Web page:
Tip fences have been invented to reduce the noise generated in the airflows about the high-lift systems (the flaps and slats) of airplane wings. Tip fences also afford an important secondary benefit by increasing lift-to-drag ratios.
Typical modes of operation of the flaps and slats of an airplane wing are the following: In preparation for takeoff, the flaps are partly extended, and the slats are fully extended to provide a clean airflow over the main element of the wing. Shortly after takeoff, the slats are retracted to increase the lift-to-drag ratio during climb-out. During landing, the slats and flaps are fully extended, and significant aerodynamic noise is generated at their tips. Tip fences can reduce the noise generated during takeoff and climb-out, but more importantly during approach and landing.
Tip fences are so named because they are fence-like barriers and are mounted at or near some or all of the inboard and outboard tips of the flaps and slats (see Figure 1). These mounting locations are chosen because they are as close as possible to the aerodynamic- surface discontinuities where vortices associated with noise form when flaps and slats are extended. Tip fences can be made of any suitable rigid material (e.g., metal or composites) and can be attached to the tips of flaps and slats by riveting, welding, bolting, or other conventional means. They can be easily and inexpensively retrofitted to most pre-existing airplanes, with minimal design changes.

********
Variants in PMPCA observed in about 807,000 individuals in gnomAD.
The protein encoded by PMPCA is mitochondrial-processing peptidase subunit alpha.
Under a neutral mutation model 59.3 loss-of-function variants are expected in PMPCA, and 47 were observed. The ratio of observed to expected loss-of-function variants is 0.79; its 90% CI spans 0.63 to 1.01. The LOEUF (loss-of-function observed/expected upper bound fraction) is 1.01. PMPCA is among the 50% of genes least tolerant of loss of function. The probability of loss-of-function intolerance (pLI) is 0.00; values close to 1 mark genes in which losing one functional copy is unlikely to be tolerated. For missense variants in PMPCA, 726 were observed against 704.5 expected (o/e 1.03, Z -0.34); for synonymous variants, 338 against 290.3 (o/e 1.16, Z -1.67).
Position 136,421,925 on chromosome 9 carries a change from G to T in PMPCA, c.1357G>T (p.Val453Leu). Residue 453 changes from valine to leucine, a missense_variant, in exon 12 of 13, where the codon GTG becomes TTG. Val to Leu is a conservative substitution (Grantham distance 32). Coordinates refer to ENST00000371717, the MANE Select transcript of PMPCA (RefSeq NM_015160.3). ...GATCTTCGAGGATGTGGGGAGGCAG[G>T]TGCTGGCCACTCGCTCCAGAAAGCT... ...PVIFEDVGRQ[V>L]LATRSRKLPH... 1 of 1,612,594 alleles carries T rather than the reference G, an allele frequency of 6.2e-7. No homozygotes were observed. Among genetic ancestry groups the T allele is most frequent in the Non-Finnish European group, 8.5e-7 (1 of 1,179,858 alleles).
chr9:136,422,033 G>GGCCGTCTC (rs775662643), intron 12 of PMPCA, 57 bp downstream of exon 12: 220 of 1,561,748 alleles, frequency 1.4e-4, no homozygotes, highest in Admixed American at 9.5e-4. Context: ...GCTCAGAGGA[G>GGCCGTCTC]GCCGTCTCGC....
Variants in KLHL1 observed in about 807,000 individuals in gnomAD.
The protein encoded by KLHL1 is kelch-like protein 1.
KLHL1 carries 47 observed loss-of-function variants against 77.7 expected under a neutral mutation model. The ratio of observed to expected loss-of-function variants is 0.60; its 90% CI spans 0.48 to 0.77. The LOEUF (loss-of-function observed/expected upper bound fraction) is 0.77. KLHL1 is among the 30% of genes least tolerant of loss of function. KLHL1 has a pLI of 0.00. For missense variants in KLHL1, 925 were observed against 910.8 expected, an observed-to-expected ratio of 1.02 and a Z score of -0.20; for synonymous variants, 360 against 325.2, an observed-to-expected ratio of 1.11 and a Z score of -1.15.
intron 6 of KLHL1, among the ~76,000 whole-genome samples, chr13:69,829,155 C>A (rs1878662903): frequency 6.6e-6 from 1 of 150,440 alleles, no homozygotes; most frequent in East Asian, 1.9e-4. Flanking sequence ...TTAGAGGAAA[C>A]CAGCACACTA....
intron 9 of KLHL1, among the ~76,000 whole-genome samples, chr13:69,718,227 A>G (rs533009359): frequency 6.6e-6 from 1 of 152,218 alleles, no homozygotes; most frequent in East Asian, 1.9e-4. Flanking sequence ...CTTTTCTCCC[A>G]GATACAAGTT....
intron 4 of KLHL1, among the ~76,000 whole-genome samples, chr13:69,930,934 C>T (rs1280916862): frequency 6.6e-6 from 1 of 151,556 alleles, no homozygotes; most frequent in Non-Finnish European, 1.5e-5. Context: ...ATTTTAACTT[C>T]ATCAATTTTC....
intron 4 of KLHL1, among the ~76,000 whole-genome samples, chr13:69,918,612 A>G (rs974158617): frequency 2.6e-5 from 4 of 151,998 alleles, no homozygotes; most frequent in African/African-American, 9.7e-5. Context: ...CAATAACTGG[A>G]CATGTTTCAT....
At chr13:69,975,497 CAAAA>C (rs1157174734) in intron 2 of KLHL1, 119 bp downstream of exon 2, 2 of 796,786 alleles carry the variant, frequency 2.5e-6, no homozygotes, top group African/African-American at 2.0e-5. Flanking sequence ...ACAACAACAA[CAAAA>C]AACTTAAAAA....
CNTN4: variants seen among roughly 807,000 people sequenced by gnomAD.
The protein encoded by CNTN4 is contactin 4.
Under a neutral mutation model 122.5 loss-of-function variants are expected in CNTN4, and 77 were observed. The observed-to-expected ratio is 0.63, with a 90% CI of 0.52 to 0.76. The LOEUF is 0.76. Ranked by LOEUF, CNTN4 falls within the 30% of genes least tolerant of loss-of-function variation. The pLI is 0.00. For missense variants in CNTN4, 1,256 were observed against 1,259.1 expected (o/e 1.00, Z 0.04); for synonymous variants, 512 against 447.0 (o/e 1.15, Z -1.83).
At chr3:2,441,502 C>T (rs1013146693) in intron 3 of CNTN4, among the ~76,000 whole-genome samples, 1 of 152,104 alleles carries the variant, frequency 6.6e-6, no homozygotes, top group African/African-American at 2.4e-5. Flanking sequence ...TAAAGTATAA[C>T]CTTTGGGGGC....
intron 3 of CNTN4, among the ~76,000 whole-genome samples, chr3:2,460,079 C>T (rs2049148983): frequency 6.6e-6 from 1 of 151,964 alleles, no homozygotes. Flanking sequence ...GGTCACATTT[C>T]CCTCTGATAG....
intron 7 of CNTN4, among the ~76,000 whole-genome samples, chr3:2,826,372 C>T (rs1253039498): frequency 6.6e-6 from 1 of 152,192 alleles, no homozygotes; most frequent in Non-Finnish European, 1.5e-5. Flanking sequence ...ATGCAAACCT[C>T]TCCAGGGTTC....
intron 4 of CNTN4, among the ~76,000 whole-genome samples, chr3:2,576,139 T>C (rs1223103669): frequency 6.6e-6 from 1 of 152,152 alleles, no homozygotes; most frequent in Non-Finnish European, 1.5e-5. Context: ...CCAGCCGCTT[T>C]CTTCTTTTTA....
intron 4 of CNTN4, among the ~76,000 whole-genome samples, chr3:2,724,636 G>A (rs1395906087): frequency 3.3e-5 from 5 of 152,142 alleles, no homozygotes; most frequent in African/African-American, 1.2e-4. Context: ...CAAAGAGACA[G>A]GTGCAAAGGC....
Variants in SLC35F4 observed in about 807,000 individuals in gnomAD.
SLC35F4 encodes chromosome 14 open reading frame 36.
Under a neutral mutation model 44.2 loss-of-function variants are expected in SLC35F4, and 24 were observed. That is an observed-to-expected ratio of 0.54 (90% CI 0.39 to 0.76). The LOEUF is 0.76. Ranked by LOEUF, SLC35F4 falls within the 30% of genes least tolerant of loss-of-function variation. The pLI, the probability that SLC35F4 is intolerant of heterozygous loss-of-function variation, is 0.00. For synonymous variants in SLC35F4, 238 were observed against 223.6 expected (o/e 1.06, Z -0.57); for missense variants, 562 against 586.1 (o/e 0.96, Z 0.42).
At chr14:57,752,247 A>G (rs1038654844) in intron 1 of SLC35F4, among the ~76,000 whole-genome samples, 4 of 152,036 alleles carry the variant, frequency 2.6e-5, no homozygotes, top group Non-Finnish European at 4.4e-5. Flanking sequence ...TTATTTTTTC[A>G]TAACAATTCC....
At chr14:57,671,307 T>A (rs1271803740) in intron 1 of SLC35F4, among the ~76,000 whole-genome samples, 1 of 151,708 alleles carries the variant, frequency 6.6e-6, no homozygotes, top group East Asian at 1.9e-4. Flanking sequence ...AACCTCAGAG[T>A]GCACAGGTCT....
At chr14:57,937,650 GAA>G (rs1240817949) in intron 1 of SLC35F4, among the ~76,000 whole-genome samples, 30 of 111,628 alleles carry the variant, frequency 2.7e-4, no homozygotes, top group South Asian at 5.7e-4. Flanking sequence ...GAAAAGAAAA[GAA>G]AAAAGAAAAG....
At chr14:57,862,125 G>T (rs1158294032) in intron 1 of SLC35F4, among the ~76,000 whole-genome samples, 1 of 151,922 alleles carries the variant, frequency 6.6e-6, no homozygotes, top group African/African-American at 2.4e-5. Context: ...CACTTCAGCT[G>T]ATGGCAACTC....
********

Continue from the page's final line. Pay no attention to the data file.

A tip fence can be formed from a flat plate, or, if desired, it can be fabricated as a more complex, aerodynamically contoured body. In a typical application the tip fences would extend below the lower surface of a slat or flap, as depicted on the right side of Figure 1. However, other combinations of tip and fence configurations are also possible.
In a demonstration of the benefits of tip fences, two different versions of a wing with flap extended were tested in a wind tunnel and in flight on a Lanceair IV airplane. In one version, the flap was equipped with tip fences; in the other version, it was not. The flight data is shown in Figure 2, demonstrating that the tip fences caused less noise to be generated over a broad range of frequencies. The wind-tunnel data showed that tip fences can also reduce the profile or viscous drag significantly.
This work was done by James C. Ross and Bruce L. Storms of Ames Research Center.
This invention has been patented by NASA (U.S. Patent No. 5,738,298). Inquiries concerning nonexclusive or exclusive license for its commercial development should be addressed to
the Patent Counsel
Ames Research Center
Refer to ARC-14009.